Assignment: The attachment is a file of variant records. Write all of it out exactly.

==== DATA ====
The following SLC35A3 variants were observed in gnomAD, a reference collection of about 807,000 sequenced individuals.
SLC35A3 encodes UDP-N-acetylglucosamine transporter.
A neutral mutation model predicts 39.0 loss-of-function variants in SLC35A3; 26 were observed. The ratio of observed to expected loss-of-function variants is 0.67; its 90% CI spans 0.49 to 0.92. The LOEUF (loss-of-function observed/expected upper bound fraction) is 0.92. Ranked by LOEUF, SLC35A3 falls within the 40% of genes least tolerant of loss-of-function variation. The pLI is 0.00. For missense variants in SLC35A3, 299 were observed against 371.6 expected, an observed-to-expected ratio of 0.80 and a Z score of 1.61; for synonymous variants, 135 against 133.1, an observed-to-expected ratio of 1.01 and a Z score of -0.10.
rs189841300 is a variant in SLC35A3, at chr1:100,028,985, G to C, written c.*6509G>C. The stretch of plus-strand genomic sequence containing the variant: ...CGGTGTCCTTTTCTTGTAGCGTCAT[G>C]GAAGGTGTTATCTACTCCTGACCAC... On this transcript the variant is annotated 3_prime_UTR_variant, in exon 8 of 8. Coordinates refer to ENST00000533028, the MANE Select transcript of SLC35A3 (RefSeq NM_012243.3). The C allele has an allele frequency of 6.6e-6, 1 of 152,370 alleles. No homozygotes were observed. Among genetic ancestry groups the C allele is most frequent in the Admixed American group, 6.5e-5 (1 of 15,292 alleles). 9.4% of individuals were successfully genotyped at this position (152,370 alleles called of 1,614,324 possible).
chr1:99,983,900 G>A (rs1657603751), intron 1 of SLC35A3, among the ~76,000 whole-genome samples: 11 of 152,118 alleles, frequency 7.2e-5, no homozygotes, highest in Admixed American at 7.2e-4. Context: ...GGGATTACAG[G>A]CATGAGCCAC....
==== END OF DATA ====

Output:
The following SLC35A3 variants were observed in gnomAD, a reference collection of about 807,000 sequenced individuals.
SLC35A3 encodes UDP-N-acetylglucosamine transporter.
A neutral mutation model predicts 39.0 loss-of-function variants in SLC35A3; 26 were observed. The ratio of observed to expected loss-of-function variants is 0.67; its 90% CI spans 0.49 to 0.92. The LOEUF (loss-of-function observed/expected upper bound fraction) is 0.92. Ranked by LOEUF, SLC35A3 falls within the 40% of genes least tolerant of loss-of-function variation. The pLI is 0.00. For missense variants in SLC35A3, 299 were observed against 371.6 expected, an observed-to-expected ratio of 0.80 and a Z score of 1.61; for synonymous variants, 135 against 133.1, an observed-to-expected ratio of 1.01 and a Z score of -0.10.
rs189841300 is a variant in SLC35A3, at chr1:100,028,985, G to C, written c.*6509G>C. The stretch of plus-strand genomic sequence containing the variant: ...CGGTGTCCTTTTCTTGTAGCGTCAT[G>C]GAAGGTGTTATCTACTCCTGACCAC... On this transcript the variant is annotated 3_prime_UTR_variant, in exon 8 of 8. Coordinates refer to ENST00000533028, the MANE Select transcript of SLC35A3 (RefSeq NM_012243.3). The C allele has an allele frequency of 6.6e-6, 1 of 152,370 alleles. No homozygotes were observed. Among genetic ancestry groups the C allele is most frequent in the Admixed American group, 6.5e-5 (1 of 15,292 alleles). 9.4% of individuals were successfully genotyped at this position (152,370 alleles called of 1,614,324 possible).
chr1:99,983,900 G>A (rs1657603751), intron 1 of SLC35A3, among the ~76,000 whole-genome samples: 11 of 152,118 alleles, frequency 7.2e-5, no homozygotes, highest in Admixed American at 7.2e-4. Context: ...GGGATTACAG[G>A]CATGAGCCAC....